Henk Medema
21
OCTOBER

One single smile in Cape Town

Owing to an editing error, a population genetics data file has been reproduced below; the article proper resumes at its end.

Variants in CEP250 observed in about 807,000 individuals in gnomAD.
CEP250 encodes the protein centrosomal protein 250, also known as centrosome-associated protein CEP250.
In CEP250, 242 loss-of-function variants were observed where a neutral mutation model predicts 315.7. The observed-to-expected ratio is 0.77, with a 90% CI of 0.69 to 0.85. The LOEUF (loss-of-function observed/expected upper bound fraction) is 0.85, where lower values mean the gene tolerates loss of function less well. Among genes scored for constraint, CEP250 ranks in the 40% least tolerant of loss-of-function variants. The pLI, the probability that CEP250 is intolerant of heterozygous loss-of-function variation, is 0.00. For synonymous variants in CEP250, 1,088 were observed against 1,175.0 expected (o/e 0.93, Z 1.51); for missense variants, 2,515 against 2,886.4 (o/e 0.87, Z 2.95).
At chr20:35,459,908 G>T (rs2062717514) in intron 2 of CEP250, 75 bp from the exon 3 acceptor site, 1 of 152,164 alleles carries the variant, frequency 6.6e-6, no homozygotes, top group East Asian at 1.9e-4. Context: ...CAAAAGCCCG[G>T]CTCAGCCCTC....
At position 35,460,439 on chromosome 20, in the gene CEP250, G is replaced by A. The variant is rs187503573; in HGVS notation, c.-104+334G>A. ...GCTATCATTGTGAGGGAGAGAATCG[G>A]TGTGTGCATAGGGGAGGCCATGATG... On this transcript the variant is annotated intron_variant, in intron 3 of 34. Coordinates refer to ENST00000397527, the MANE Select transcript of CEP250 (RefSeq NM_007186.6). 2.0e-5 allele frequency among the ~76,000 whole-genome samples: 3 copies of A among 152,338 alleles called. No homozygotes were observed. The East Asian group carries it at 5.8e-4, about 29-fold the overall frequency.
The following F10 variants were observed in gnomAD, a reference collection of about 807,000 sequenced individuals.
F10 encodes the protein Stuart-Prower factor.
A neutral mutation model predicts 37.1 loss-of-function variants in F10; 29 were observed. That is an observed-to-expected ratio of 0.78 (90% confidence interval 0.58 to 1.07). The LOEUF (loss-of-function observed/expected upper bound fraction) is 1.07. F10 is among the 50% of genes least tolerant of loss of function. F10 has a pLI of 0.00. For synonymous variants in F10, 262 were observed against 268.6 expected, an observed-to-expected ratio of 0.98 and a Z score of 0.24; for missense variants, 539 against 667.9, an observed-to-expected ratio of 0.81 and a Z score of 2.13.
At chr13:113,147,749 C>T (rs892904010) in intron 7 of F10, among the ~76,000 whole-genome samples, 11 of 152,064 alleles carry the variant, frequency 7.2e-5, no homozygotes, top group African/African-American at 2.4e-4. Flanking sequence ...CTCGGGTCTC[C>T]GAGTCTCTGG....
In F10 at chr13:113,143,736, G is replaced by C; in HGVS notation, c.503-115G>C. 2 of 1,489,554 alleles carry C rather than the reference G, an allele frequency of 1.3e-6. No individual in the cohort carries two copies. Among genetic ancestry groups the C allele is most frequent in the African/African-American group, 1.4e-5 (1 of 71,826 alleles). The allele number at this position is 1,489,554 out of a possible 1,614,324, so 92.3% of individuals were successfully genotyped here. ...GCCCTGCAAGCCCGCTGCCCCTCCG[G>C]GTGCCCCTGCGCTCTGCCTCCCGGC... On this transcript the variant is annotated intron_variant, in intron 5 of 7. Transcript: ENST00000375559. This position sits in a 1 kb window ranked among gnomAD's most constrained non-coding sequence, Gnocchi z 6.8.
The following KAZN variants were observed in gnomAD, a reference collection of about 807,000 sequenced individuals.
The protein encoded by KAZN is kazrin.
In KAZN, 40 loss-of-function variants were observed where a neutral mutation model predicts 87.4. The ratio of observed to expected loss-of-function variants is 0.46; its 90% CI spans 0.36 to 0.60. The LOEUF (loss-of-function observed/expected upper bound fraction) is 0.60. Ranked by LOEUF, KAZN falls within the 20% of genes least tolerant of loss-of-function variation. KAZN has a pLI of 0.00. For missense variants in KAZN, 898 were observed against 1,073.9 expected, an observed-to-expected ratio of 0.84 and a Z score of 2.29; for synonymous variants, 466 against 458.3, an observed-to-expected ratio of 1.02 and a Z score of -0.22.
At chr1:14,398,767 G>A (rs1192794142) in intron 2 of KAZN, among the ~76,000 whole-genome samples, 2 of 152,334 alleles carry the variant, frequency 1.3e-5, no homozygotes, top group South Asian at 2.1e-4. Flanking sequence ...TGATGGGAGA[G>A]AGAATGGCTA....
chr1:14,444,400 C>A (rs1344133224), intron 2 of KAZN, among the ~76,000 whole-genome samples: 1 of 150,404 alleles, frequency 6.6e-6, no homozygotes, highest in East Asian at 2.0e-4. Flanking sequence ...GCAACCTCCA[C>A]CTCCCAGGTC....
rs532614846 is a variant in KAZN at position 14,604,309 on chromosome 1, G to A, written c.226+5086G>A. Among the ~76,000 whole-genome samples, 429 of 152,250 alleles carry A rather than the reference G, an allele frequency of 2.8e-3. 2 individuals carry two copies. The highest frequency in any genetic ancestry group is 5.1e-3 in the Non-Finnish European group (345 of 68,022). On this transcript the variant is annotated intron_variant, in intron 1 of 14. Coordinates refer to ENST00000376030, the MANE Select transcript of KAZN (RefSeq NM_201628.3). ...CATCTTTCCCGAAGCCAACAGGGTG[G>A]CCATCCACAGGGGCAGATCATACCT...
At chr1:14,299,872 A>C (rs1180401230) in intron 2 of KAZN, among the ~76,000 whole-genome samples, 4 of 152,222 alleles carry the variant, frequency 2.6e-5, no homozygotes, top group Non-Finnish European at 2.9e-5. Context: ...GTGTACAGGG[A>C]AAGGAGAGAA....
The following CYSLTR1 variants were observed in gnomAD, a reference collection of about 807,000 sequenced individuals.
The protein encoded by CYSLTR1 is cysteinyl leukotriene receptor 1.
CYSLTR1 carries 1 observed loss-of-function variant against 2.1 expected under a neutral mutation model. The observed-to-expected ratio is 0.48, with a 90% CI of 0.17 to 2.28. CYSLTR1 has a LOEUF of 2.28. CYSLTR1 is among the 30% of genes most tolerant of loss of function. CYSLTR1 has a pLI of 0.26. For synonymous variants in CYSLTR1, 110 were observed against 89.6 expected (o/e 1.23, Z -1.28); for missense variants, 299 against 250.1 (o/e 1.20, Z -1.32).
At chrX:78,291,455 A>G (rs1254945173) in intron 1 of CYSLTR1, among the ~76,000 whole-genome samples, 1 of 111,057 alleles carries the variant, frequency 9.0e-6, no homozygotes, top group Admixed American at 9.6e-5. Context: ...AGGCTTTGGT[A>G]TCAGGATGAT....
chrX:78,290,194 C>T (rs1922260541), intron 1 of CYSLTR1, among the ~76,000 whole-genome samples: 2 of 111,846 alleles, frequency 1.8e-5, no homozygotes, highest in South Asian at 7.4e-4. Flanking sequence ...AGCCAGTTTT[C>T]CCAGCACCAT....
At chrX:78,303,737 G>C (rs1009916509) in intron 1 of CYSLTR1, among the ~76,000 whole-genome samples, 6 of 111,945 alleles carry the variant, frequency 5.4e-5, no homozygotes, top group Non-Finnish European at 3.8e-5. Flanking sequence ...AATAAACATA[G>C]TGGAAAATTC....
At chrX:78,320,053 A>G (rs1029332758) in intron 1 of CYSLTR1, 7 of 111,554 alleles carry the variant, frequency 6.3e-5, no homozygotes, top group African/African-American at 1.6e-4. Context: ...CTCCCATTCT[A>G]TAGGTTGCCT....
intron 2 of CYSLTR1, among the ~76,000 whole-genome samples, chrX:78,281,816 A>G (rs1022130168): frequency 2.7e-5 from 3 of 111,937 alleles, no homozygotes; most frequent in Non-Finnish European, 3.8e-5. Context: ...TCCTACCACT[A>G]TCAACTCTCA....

Here in Cape Town my hotel is located downtown. Which means that I need to look for a running track (as is my habit every early morning). After getting lost the first time, I eventually found a route which brings me through St. George’s Mall and from there into the quietness of the Company’s Gardens, an then back again. Cape Town is a big city, and already at 6.00 or 6.30 there’s a multitude of people around on the streets. Moreover at the Strand junction my route crosses the streams coming from Central Station. I press and wind my way forward, seeing and yet not really seeing the many faces, and then run towards the Gardens. Now it feels a bit like home again, in the quiet and green surroundings that I am accustomed to at home. The other day we were listening to Tim Keller, well-known pastor of Redeemer’s Church, New York City. In fact, Tim said, our preference for lush and green areas is not unconditionally shared by God. Being an inner city pastor, his plea was not to leave the big urban areas alone. So many millions of people! So many images of God per square kilometer! If there’s any place where you can see the manifold glory of God, it is in the urban multitudes. And he reminded us all about Abraham’s intercession for Sodom and Gomorra. Yes, these cities were full of sin. But no, Abraham was not discouraged to pray for them. Abraham’s prayer could have been: Lord, save Lot from Sodom, and then let the cities go to hell! But he did not do that, he sincerely and seriously inteceded for the cities. Abraham’s intercession did not bring redemption for the cities. But our intercession is a lot more powerful: in Christ and through the Holy Spirit we do have bold access to the throne of God. Let’s, then, pray for the cities! Let us pray for the vast world, of which Sodom and Gomorra are just an Old Testament shadow, with new covenant Spirit power. Let us weep, impressed by the sinfulness and sadness of the multitudes in this world. Running back on a different road, by the Railway Station, I saw an old lady smiling. And whether or not that was because she saw this old gentleman running, I don’t know, but I realised that this was the first smile I encountered that morning. Many faces, no smiles – but the glory of God lies hidden beneath the surface in all these people, ready to be revealed once they see Jesus.

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